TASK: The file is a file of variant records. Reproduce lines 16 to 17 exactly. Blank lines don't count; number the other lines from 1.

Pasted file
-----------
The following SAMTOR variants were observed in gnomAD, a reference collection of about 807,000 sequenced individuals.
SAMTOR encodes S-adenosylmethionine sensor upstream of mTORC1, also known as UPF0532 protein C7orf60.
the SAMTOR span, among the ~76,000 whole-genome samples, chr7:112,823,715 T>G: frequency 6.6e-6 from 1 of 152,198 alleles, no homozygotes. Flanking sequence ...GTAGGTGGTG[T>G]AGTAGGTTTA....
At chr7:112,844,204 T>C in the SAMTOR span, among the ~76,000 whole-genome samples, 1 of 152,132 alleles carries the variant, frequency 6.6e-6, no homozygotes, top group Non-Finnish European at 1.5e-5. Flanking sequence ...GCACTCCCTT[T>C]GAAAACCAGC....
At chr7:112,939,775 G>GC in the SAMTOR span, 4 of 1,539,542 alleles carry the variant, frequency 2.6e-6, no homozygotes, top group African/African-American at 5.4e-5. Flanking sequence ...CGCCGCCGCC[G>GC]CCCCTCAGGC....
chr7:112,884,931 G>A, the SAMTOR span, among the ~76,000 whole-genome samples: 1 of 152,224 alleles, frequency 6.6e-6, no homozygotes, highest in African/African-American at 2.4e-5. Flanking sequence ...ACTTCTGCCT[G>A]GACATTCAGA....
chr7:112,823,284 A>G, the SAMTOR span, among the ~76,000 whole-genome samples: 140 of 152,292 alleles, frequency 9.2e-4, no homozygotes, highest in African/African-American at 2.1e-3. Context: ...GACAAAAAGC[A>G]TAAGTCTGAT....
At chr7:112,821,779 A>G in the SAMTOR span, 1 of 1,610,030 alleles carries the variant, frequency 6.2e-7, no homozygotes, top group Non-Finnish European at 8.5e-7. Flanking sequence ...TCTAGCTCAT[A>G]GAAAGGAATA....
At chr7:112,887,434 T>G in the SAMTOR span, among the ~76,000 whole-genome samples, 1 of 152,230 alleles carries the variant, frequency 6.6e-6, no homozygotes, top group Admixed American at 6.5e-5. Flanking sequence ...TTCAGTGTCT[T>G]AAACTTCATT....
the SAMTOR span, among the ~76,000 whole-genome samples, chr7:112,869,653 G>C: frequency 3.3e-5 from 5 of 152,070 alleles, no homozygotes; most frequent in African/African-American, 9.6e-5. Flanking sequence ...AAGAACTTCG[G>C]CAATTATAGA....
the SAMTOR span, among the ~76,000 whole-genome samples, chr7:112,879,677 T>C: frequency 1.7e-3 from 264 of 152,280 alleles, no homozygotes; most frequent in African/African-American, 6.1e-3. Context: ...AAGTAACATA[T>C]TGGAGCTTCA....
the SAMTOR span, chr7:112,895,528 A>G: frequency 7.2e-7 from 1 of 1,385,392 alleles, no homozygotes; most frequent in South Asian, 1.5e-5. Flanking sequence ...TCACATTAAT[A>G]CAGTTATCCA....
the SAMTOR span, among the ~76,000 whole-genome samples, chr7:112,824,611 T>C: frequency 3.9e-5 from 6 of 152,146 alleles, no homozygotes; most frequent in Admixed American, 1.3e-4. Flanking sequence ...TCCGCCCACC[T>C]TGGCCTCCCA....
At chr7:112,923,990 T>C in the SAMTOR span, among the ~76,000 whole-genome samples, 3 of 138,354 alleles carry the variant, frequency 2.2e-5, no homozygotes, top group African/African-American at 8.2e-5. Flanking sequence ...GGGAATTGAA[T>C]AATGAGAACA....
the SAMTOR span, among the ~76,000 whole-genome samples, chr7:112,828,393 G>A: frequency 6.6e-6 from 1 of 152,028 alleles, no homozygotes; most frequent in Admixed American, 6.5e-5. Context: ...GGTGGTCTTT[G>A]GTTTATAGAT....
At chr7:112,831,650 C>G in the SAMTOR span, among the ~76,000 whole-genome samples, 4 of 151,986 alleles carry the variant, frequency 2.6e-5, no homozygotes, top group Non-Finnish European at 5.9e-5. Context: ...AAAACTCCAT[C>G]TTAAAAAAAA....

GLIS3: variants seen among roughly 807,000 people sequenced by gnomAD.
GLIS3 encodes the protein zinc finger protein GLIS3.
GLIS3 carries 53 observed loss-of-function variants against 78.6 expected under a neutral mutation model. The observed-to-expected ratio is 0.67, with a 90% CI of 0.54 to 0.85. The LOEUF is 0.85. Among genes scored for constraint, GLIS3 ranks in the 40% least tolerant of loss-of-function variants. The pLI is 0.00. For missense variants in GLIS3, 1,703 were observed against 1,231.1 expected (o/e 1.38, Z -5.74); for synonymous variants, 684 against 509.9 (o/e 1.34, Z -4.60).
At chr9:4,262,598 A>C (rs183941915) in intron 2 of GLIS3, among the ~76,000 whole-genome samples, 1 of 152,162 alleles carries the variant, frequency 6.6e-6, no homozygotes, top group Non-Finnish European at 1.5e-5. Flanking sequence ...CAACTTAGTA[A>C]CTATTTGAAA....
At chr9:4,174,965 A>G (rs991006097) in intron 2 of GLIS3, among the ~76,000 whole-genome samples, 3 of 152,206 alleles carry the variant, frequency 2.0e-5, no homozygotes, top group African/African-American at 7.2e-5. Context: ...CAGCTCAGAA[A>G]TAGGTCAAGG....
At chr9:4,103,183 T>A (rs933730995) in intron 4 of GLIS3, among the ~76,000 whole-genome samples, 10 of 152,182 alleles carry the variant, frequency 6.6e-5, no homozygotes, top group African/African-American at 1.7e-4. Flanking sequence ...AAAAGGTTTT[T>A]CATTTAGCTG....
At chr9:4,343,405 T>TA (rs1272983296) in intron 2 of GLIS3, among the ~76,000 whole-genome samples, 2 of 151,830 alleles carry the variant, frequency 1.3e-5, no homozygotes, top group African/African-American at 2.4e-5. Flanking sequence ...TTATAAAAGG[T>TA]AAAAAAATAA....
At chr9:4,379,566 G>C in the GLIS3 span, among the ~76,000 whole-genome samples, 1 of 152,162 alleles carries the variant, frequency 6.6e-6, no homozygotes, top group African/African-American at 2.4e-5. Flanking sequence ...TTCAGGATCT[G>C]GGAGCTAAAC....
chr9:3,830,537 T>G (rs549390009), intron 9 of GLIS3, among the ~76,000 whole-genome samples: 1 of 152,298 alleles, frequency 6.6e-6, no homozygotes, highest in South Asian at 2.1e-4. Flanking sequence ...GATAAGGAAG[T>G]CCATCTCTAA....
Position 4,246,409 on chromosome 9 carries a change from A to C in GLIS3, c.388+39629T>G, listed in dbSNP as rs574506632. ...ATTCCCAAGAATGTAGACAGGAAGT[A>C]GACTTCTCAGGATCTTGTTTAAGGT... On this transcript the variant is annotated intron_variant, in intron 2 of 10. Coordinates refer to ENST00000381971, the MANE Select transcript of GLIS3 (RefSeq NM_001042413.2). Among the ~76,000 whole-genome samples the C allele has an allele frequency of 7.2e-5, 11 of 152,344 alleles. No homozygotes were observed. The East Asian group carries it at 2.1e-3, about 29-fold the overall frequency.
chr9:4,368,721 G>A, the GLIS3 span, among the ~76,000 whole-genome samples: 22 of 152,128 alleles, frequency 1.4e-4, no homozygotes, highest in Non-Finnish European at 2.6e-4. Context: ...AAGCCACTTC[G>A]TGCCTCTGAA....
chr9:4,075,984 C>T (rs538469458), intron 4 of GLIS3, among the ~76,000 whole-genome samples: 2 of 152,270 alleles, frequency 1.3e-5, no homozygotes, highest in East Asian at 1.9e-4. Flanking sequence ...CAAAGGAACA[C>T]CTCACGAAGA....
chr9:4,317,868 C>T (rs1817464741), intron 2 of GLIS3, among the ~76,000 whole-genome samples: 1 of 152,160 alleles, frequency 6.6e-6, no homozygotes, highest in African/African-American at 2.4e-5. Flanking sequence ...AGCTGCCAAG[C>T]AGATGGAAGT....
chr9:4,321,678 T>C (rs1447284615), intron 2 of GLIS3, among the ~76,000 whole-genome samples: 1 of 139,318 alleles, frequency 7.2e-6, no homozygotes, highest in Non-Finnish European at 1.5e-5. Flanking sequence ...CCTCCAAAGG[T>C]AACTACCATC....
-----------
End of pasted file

At chr7:112,831,650 C>G in the SAMTOR span, among the ~76,000 whole-genome samples, 4 of 151,986 alleles carry the variant, frequency 2.6e-5, no homozygotes, top group Non-Finnish European at 5.9e-5. Context: ...AAAACTCCAT[C>G]TTAAAAAAAA....

GLIS3: variants seen among roughly 807,000 people sequenced by gnomAD.